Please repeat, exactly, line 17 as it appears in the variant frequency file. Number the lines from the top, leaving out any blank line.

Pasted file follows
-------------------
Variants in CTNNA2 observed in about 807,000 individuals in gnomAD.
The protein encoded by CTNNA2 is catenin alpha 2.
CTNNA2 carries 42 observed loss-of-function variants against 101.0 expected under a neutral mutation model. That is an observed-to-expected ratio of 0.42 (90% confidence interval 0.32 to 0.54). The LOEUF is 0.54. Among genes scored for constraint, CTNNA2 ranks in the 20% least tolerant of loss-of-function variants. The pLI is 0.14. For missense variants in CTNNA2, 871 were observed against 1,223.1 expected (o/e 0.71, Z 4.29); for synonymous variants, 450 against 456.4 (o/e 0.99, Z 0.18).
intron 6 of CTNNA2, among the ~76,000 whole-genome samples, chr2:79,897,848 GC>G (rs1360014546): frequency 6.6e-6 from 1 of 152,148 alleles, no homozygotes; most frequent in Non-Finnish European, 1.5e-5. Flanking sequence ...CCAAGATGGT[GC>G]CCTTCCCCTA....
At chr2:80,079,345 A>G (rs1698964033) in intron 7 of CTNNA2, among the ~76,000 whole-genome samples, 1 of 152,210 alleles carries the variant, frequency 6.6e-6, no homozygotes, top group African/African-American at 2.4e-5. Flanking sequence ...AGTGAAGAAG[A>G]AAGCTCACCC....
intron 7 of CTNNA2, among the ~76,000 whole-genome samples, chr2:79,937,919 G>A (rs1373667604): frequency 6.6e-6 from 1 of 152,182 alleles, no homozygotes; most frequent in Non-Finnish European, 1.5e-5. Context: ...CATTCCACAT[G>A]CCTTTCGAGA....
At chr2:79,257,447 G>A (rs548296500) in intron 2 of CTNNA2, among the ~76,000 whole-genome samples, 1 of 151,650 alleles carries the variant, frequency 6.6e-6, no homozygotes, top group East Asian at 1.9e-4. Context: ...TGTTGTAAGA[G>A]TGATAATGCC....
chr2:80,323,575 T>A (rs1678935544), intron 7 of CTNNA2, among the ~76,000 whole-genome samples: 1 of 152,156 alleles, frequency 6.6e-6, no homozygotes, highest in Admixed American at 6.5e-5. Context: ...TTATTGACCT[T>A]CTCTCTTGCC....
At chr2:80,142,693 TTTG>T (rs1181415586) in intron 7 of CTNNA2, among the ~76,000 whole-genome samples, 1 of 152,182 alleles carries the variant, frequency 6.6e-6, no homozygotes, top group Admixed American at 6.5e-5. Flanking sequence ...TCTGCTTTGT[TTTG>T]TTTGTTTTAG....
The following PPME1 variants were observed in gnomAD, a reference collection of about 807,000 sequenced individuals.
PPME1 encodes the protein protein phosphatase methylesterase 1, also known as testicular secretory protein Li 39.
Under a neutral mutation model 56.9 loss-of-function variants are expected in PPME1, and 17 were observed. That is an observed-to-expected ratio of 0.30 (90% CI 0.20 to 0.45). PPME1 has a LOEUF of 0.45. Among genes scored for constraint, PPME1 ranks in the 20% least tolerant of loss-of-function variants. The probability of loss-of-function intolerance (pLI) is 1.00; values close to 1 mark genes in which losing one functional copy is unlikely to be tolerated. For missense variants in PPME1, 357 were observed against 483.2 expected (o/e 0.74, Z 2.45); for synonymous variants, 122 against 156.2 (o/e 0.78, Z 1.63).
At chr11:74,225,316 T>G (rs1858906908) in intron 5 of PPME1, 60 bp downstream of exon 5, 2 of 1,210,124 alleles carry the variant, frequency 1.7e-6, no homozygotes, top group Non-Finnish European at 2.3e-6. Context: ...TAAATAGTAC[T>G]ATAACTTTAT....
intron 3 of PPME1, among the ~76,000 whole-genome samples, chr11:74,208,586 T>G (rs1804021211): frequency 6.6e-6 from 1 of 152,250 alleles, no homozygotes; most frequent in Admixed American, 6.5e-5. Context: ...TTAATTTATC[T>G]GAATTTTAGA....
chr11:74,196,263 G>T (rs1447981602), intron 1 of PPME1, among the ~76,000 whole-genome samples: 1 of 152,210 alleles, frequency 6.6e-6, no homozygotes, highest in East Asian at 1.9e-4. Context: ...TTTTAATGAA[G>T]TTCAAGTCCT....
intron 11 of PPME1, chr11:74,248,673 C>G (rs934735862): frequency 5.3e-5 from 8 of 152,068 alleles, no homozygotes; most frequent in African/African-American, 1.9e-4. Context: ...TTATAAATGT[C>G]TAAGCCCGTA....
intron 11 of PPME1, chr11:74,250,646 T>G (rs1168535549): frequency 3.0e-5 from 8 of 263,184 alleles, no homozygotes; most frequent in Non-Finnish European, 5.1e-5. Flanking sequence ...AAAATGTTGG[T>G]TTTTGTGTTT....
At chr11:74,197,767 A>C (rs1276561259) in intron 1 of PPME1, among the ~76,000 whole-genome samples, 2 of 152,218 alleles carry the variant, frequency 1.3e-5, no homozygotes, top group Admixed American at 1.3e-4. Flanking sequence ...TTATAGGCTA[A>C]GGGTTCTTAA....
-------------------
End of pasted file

intron 11 of PPME1, chr11:74,250,646 T>G (rs1168535549): frequency 3.0e-5 from 8 of 263,184 alleles, no homozygotes; most frequent in Non-Finnish European, 5.1e-5. Flanking sequence ...AAAATGTTGG[T>G]TTTTGTGTTT....